ABO Installs Solar/Battery Hybrid Under Germany’s Innovation Tender

  • In the southwest of Germany, ABO Wind has commissioned its first hybrid energy projects.
  • The most recent addition is a photovoltaic plant combined with a battery energy storage system (BESS) in the municipality of Lahr, Rhineland-Palatinate.
  • The project had been awarded a tariff in the first so-called innovation tender by the German Federal Network Agency in autumn of 2020.
  • The power output of the photovoltaic system is 4.27 Megawatt peak (MWp) and that of the battery is 1.5 Megawatt (MW) with a corresponding storage capacity of 2.2 megawatt hours (MWh).

The hybrid energy project was built in the immediate vicinity of a wind turbine on land belonging to the municipality of Lahr. ABO Wind had already commissioned the wind turbine in 2016 and sold it to SOLIX energy cooperative. “After the trusting cooperation, we have remained in close contact with the municipality. Lahr is very open-minded towards renewable energies. That’s why we were able to swiftly implement this lighthouse project combining photovoltaics and battery storage,” says Dr Thomas Treiling, ABO Wind’s Division Manager of Wind and Solar Project Development Germany.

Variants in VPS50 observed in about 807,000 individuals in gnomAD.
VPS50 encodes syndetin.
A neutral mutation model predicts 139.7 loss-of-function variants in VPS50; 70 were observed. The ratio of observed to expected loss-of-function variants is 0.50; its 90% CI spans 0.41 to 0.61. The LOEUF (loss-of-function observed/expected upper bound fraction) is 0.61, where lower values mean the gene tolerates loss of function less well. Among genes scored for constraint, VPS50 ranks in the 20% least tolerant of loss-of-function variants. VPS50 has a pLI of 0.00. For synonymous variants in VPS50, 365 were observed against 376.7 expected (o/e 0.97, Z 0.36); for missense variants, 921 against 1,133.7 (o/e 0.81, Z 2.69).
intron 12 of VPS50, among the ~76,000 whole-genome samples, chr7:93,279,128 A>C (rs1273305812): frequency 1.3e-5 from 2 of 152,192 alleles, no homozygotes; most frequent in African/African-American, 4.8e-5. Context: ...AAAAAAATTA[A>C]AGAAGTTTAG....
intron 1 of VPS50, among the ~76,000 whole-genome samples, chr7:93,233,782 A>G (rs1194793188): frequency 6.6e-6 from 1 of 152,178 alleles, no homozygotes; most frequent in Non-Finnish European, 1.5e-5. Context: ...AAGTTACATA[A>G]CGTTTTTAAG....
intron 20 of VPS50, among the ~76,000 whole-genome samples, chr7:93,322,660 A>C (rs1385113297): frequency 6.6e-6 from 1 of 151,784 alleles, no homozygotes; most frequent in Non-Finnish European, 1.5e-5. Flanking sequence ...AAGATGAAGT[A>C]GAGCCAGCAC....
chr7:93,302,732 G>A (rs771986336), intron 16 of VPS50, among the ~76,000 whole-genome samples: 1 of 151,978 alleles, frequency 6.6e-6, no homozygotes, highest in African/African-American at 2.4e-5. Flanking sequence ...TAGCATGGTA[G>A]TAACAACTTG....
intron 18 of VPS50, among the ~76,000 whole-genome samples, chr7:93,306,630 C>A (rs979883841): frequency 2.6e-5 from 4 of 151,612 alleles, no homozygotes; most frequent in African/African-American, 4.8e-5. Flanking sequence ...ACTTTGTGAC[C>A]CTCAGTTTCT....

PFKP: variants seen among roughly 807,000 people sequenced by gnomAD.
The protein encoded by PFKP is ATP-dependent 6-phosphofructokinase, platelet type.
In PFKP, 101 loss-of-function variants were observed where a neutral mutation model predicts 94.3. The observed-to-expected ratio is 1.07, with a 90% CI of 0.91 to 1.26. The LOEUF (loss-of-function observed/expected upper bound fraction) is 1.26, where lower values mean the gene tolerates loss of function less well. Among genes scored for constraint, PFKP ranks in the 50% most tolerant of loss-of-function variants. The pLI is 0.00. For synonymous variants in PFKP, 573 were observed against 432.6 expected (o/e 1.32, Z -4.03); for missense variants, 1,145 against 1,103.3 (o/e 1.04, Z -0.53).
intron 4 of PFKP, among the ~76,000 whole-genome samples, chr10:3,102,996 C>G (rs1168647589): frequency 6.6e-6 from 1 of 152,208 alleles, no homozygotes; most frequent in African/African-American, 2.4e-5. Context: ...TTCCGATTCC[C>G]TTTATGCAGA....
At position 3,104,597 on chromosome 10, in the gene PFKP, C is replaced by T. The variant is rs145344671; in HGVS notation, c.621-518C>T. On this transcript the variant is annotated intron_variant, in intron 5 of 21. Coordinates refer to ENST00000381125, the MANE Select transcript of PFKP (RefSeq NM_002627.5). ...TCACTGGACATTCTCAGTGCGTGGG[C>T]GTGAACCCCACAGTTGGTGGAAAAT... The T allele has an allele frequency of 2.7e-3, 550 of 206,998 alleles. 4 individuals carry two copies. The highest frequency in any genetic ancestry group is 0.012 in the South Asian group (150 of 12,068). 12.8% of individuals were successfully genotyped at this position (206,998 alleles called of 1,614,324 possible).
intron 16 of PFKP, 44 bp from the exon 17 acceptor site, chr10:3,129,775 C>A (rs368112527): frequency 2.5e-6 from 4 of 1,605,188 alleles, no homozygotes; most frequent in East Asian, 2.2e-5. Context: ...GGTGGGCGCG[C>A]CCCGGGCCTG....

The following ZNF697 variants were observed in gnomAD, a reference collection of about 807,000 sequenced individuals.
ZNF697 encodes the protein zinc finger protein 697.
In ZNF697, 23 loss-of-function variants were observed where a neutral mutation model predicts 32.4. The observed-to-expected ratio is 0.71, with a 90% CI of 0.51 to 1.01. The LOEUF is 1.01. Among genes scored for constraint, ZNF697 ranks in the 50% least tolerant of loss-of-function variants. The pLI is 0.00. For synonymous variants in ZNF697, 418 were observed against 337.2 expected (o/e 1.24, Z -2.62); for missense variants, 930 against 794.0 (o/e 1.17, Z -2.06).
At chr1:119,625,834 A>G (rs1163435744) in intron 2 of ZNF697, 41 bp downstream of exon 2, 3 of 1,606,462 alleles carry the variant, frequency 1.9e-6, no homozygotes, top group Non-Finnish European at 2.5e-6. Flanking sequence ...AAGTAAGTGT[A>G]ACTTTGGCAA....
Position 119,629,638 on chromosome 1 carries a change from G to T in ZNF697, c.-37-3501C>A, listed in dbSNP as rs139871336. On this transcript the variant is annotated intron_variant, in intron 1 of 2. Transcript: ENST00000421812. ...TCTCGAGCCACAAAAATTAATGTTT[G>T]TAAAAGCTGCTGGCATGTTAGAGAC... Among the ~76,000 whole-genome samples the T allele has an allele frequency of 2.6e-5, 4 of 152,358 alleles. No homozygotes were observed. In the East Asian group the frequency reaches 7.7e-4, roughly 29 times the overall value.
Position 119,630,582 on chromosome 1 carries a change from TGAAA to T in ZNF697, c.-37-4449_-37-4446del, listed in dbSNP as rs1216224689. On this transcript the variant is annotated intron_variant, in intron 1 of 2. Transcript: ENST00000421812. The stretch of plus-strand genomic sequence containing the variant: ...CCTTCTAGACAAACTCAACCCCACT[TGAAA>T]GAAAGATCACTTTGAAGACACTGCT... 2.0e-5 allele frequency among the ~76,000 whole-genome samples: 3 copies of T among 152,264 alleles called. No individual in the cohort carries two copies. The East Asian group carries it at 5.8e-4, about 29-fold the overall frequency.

The first German ABO Wind innovation project had already been connected to the grid in July 2022 in Wahlheim, next to another ABO Wind turbine. ABO Wind has since sold both hybrid projects, Lahr and Wahlheim, together with the Aulendorf solar farm, to the utility Stadtwerke Tübingen.

Both batteries charge electricity from the solar plants when needed, for example when the sun is at its zenith, and release it when needed. In this way, more electricity from renewables can be integrated into the system. To receive the innovation tariff, however, the storage systems must not draw electricity from the grid when it is overloaded.

“This is where the legislator should make adjustments,” comments Dr Julia Badeda, Division Manager of Hybrid Energy Systems and Storage. “In the current set-up, storage cannot unfold its full potential as a grid-supporting element. Today, it is already possible to differentiate which share of the electricity was generated and stored from renewable sources. Therefore, the regulation should not be an obstacle to an economically sensible use of storage systems.

Author: Bryan Groenendaal

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